• Dust a big wooden (clean of course) board with some flour and continue kneading the dough.
  • Flatten the dough with the help of a rolling pin.
  • If you have a dumpling maker, you can just use it to cut circle pieces of the dough. Knead the unused dough and repeat the process until you have used as much of the dough.
How to Cook (Empanada)
  • One circle dough piece at a time, add about a tablespoon of filling into the upper half part of the dough.
  • Cover the filling with the lower part of the dough and crimp the sides to seal in the filling. If you don't know how to properly do this, you can opt to use a fork to seal in the dough.
  • Using a sauce pan, heat as much oil and deep fry the empanadas under low heat. Don't overcrowd the pan as the pastry could be delicate to work with.
  • Take out the empanada pieces as soon as it turns golden brown and place it on a plate lined with paper towel to drain excess oil. 
  • Serve warm or at room temperature, whatever suits your fancy.
The recipe for the pastry, I got from BusogSarap.Com because even if my siblings and I have cooked different kinds of empanadas in the past, I wanted to make a dough with definite measurements. You can head over this site to check step by step images on how the author created her version of empanada. I used half of the recipe she originally shared because we are only three people at home, we didn't need to eat that much in one sitting and I still don't know if I will like the taste because in the past, the empanada we cooked were usually like that of Chicken Afritada (chicken, potatoes, raisins, green peas cooked in tomato sauce) or what we called "Embananas," with filling made up of mashed bananas cooked in sugar.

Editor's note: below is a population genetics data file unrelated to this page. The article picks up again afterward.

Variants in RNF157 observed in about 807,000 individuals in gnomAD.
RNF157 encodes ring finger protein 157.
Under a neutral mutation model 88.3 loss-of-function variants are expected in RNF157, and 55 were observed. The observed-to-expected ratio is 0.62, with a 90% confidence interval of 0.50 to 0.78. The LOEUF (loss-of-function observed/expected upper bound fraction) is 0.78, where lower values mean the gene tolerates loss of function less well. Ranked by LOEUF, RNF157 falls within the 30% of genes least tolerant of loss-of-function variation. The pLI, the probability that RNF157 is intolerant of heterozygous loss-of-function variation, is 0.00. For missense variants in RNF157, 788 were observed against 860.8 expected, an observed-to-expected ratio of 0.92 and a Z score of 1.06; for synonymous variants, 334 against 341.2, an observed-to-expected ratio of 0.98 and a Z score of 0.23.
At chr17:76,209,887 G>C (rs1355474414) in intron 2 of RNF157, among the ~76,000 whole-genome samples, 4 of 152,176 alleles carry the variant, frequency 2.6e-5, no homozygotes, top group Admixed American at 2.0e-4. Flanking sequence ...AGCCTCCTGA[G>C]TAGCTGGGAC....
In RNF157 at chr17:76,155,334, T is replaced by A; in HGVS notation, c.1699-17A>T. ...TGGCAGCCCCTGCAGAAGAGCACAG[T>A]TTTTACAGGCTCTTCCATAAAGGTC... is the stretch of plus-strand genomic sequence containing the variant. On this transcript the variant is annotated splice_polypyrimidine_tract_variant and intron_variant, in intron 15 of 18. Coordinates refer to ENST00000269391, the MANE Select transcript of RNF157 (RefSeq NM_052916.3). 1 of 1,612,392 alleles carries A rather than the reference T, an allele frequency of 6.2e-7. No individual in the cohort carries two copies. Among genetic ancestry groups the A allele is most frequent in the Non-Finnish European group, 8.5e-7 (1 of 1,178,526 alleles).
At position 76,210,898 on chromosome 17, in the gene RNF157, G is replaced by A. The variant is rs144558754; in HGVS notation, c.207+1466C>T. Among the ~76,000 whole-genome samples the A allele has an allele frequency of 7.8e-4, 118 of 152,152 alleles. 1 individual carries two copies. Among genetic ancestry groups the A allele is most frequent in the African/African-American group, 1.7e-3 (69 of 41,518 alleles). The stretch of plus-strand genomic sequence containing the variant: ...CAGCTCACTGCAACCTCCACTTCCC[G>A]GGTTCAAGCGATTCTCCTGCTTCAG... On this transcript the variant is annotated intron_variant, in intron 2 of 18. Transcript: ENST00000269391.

I did like how it turned out. I didn't know cabbage and upo can be a great combination, and even without the chicken, it still tasted good (I created a "slave empanada" without chicken). The original empanadas I saw on the TV show didn't really use any meat, it was just a combination of cabbage and upo. If only I know from which province this was taken. Anyway, my mom said that I might have used thick dough (still had to roll it more) and it was a little hard. Well, not really hard, hard... my sister said it was actually good as is and that the butter added more dimension to the taste of the pastry, but she did agree that it needed a little softness. How to do that? I still have to figure out.

Hopefully next time I can create this with the "kaliskis" dough. 

Three meals using leftover flaked chicken. Who knew cooking with leftovers can be fun and satisfying, too? Happy weekend, foodie friends!

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Jenn, the Foodie

I come from a family who loves cooking and eating. I never had any formal training in cooking and that I taught myself how to cook based on the handed down recipes, but I could say that I can cook good food. In 2008, I started documenting my food trips for my travel blog, and since I have quite enough to start a food blog, might as well put all those food trips in one location. Thus, a food blog is born - thanks to the new Friendster Blogs. However, due to several problems, I was left with no choice but to pack bags again and move here instead. Here's the permanent address, promise! Enough talk, let the food trippin' begin! {Know More About Me}